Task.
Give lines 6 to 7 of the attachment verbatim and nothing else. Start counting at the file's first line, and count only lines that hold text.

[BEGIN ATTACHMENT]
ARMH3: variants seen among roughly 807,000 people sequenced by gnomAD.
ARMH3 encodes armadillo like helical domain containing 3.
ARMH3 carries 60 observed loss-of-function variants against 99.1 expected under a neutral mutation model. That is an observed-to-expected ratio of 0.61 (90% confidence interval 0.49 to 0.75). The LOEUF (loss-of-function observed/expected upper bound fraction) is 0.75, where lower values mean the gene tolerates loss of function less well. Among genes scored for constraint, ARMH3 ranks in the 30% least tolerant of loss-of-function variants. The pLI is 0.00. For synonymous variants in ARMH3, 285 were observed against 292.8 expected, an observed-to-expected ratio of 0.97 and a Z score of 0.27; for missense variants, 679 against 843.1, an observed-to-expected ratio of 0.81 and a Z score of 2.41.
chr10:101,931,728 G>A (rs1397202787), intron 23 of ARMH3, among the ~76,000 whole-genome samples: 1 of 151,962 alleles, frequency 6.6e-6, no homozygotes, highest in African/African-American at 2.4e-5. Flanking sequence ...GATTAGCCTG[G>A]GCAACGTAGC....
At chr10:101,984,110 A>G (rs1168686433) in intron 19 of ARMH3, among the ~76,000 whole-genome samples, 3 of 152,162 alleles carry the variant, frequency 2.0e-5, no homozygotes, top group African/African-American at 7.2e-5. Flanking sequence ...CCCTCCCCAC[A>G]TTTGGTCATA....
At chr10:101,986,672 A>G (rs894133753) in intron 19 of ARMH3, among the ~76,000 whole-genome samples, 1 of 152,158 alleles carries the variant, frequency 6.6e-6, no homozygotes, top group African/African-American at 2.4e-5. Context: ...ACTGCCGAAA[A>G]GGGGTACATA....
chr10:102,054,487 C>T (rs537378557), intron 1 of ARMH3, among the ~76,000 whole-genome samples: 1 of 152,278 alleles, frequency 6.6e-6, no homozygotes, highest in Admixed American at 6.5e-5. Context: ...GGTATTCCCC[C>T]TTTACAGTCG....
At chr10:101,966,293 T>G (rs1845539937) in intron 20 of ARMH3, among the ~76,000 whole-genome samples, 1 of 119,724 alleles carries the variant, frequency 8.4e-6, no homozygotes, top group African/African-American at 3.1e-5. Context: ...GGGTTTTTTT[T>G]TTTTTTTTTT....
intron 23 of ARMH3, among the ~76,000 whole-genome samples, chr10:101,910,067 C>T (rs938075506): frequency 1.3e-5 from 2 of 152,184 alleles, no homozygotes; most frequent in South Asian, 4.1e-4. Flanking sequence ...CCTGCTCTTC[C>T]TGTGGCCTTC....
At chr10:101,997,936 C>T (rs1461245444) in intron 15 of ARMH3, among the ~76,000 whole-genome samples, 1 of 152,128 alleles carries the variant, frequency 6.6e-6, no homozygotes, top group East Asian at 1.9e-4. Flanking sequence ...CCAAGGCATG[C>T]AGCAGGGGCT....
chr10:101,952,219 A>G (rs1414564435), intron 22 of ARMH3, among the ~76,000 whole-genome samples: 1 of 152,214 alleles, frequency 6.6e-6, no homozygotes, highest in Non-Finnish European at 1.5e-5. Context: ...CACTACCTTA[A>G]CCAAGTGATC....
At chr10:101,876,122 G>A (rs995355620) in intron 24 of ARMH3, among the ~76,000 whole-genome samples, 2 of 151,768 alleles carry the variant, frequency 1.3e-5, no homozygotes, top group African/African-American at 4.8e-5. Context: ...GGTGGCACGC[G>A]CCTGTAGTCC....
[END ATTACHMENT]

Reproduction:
At chr10:101,986,672 A>G (rs894133753) in intron 19 of ARMH3, among the ~76,000 whole-genome samples, 1 of 152,158 alleles carries the variant, frequency 6.6e-6, no homozygotes, top group African/African-American at 2.4e-5. Context: ...ACTGCCGAAA[A>G]GGGGTACATA....
chr10:102,054,487 C>T (rs537378557), intron 1 of ARMH3, among the ~76,000 whole-genome samples: 1 of 152,278 alleles, frequency 6.6e-6, no homozygotes, highest in Admixed American at 6.5e-5. Context: ...GGTATTCCCC[C>T]TTTACAGTCG....